Emulation-based virtual manufacturing techniques for integrated MEMS

Maurice J.A. Delafosse, Dalsa Corp.
Gerold Schröpfer, Coventor

Integration of MEMS devices and CMOS electronics on one die can bring powerful capabilities, including reduced system power consumption and improved volume-to-area ratio to automotive, biomedical, RF, photonics, information technology, and other applications. Because MEMS devices require interaction with their environments beyond just electrical signals, the development of fabrication and packaging processes is difficult. Mainstream CMOS IC processes are often insufficient for integrated MEMS/CMOS systems.

To surmount this challenge, developers of integrated MEMS systems often use simulation software to model the process. Simulation is extremely useful at certain points, such as once the full process has been tested and verified, or when a particular step requires improvement, or when it is the first step on a virgin wafer. In general, however, precise simulation of each individual process step is less important as a good, close-approximation overview of the complete integrated process.

To gain that overview, emulation software combined with silicon-accurate 3D visualization capabilities and backed up by experimental calibration is a more productive approach. This is because emulation software enables developers to use a “virtual manufacturing” concept to make process development for integrated MEMS systems more efficient. By taking into account all of the specific information for each process step, the technique efficiently flows that information through the entire process, and also from department to department within the organization. Engineers can know all pertinent information about what has been done previously so they can anticipate what needs to be done for the present fabrication step and for subsequent steps, and so they can react quickly to uncertainties and issues that crop up.

Dalsa Corp. and Coventor Inc. have teamed on several projects that have employed virtual manufacturing methods to develop, produce, and package versatile integrated MEMS devices. Dalsa’s core competencies are in specialized integrated circuit and electronics technology, software, and highly engineered semiconductor wafer processing. Products and services include image sensor components (CCD and CMOS); electronic digital cameras; vision processors; image processing software; and semiconductor wafer foundry services for use in MEMS, high-voltage semiconductors, image sensors, and mixed-signal CMOS chips. Coventor, meanwhile, is the world leader in design automation for micro- and nanoscale devices and systems. Coventor’s MEMulator software uses volumetric pixels technology (“voxels”) to build highly realistic 3D models that show the precise impacts of process changes. These are realistic virtual prototypes, not simply idealized geometries, as can be seen in Figure 1.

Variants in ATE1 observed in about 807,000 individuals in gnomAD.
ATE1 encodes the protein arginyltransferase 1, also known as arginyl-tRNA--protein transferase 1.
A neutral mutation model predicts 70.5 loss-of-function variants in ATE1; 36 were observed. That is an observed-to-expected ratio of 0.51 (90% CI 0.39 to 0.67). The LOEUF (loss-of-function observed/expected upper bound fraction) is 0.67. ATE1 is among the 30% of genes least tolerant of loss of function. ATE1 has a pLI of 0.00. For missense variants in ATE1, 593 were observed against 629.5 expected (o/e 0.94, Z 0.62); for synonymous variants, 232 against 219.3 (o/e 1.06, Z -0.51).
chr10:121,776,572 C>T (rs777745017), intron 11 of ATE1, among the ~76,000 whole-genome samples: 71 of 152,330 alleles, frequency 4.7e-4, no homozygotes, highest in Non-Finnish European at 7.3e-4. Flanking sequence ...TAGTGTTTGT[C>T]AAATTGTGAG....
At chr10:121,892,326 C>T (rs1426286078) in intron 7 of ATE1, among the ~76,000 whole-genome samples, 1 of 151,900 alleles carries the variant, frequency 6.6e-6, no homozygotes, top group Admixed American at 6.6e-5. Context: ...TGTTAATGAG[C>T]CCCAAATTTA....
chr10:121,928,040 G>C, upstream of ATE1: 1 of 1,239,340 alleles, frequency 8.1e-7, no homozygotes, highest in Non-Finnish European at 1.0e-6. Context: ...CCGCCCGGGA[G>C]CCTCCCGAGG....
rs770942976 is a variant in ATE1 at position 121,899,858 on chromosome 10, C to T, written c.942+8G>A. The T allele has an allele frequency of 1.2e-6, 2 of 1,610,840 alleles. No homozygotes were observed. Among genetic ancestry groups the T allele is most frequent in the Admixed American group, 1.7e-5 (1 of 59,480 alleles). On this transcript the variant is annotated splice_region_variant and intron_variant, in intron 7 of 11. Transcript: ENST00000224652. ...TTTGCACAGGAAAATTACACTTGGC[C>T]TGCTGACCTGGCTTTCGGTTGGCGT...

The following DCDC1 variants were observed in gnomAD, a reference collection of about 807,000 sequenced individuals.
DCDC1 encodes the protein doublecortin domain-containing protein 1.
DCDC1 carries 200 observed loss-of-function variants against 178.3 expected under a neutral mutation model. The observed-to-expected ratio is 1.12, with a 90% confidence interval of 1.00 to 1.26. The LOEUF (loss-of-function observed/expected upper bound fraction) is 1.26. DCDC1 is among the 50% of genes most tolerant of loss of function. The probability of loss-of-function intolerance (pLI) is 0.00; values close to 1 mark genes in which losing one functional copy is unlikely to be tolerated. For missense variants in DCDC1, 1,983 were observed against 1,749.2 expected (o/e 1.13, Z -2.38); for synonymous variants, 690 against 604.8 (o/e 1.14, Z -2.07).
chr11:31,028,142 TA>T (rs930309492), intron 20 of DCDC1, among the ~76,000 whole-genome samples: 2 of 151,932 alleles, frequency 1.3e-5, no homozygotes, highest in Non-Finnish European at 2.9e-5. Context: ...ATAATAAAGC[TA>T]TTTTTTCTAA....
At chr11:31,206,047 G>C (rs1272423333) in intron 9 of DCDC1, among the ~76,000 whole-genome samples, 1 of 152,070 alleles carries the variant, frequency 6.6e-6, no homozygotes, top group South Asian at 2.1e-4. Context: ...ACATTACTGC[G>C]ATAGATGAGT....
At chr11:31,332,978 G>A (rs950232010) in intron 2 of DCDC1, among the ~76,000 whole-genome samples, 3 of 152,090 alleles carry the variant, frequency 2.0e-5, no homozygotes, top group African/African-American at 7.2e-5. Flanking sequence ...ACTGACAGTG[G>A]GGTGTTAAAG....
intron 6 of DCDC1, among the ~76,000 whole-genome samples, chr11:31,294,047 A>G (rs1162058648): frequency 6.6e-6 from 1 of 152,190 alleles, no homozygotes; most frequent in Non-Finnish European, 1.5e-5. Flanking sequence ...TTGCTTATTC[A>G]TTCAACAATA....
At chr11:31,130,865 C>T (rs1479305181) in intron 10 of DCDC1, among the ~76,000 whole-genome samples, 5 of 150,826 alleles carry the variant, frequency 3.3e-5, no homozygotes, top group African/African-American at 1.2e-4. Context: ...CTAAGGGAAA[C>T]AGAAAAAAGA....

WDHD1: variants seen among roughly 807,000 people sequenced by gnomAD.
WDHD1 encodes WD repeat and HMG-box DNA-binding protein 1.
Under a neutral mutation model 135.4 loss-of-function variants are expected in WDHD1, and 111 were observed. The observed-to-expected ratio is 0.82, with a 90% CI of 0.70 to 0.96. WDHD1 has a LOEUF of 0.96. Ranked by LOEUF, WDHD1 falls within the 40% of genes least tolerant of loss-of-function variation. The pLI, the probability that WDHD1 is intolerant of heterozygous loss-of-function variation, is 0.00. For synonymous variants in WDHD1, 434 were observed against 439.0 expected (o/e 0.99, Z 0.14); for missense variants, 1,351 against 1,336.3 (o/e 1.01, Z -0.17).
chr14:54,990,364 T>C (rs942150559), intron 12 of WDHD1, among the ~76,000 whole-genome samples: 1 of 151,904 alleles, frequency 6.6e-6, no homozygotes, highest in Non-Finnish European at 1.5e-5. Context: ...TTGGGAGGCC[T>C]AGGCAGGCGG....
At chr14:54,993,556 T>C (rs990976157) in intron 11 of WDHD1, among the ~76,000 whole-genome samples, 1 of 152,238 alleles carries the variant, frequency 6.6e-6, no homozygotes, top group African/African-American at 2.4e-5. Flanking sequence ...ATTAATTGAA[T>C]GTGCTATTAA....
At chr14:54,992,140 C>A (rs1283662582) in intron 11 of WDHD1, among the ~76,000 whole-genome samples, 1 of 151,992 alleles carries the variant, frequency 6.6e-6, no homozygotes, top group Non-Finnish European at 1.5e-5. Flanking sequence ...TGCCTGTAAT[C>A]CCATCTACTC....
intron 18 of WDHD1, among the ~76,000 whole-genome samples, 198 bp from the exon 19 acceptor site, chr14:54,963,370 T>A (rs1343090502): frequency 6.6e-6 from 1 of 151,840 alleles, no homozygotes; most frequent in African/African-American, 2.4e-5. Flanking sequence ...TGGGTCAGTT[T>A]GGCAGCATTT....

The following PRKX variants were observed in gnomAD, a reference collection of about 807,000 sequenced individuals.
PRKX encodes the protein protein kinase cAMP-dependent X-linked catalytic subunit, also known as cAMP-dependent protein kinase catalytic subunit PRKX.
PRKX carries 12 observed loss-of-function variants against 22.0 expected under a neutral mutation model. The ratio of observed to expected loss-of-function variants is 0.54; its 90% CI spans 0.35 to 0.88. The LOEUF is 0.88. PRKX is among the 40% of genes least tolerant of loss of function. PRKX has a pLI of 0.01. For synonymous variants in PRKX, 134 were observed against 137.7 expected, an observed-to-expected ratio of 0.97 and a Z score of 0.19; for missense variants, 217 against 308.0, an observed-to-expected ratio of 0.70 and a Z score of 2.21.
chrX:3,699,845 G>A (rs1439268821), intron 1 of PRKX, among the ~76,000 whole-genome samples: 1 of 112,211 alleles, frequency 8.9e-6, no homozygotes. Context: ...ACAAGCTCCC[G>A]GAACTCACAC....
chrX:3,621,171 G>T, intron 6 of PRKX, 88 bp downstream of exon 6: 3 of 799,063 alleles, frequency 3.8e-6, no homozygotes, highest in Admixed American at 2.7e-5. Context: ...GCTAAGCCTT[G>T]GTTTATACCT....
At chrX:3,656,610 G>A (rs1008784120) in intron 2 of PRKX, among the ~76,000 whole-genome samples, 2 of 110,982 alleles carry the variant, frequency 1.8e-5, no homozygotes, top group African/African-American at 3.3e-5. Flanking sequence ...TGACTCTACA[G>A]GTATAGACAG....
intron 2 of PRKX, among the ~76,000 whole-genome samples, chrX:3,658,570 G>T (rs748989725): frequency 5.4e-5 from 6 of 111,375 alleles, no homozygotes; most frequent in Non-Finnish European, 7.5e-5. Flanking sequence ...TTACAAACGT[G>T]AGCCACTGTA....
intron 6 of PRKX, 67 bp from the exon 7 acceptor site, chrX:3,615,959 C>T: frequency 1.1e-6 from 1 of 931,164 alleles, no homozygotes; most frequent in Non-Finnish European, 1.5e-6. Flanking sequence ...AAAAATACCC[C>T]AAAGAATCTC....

Figure 1. MEMulator builds highly realistic 3D models. (Design by U. of Waterloo, Ontario, Canada)
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The three following examples show how a virtual manufacturing approach can be of benefit.

Support for process integration/process flow development

Process engineers often know what to expect from a specific process step, such as deposition or etching, and thus can predict its geometrical effects. But this gets tricky when brand-new process flows are created from novel combinations of existing process steps, or when a specific physical design layout needs to be rendered. One example is when multiple etches are performed sequentially, in several mask layers, where each etch strongly depends on the outcome of the previous one. In these cases, even for experienced process engineers, it can be difficult to estimate the outcome without a proper representation of the starting point.

In this case, virtual manufacturing comes in handy–it allows engineers to readily develop and test a large number of process step combinations and novel process flows using multiple physical design patterns, which wouldn’t be possible in a real manufacturing environment or would be costly to perform. The model for each process step can be calibrated through experimental measurements, resulting in very reliable result-models that can be reused in multiple combinations. Emulation software takes these verified models and creates a complete process flow, and variations of it with various physical design layers, in a few hours or less. All of the software code is saved and is used to speed up process development.

An example of the processes Dalsa emulated before building silicon was a fabrication process for an integrated microphone. Dalsa already had emulation-scripts samples for the desired process steps, while the preliminary product’s layout was supplied by the customer. The product required a big cavity in the sensing area. Dalsa used Coventor’s MEMulator emulation software not only to evaluate the impact of various etch methods on the final die size, but also to show the impact of each choice on the previous and following process steps. This was important because there were material stacks needing to be exposed to chemicals in different ways (i.e., dry or liquid etch) and at different etch-rates. Each option could have been modeled by hand by a couple of engineers at a table, but the emulation software provided a formal, reusable way to do the job. In addition, the emulations could have been conducted by a non-engineer since the emulation-scripts samples already existed.

Validate and prepare a design before fabrication

Emulation also gives engineers the ability to do virtual test runs to verify that a device design is compatible with the manufacturing process, and that the 3D result is as expected. Moreover, design mistakes and shortcomings can be identified, even if they are compatible with 2D layout rules. Other pre-production advantages include:

  • Ability to efficiently model any design changes,
  • Test-run multiple designs and test structures,
  • Improve and optimize device design for given process constraints,
  • Prepare a mask layout for fabrication,
  • Bridge the gap between lithography mask creation and process engineering, and
  • Optimize a 2D mask layout, taking into consideration 3D manufacturing aspects.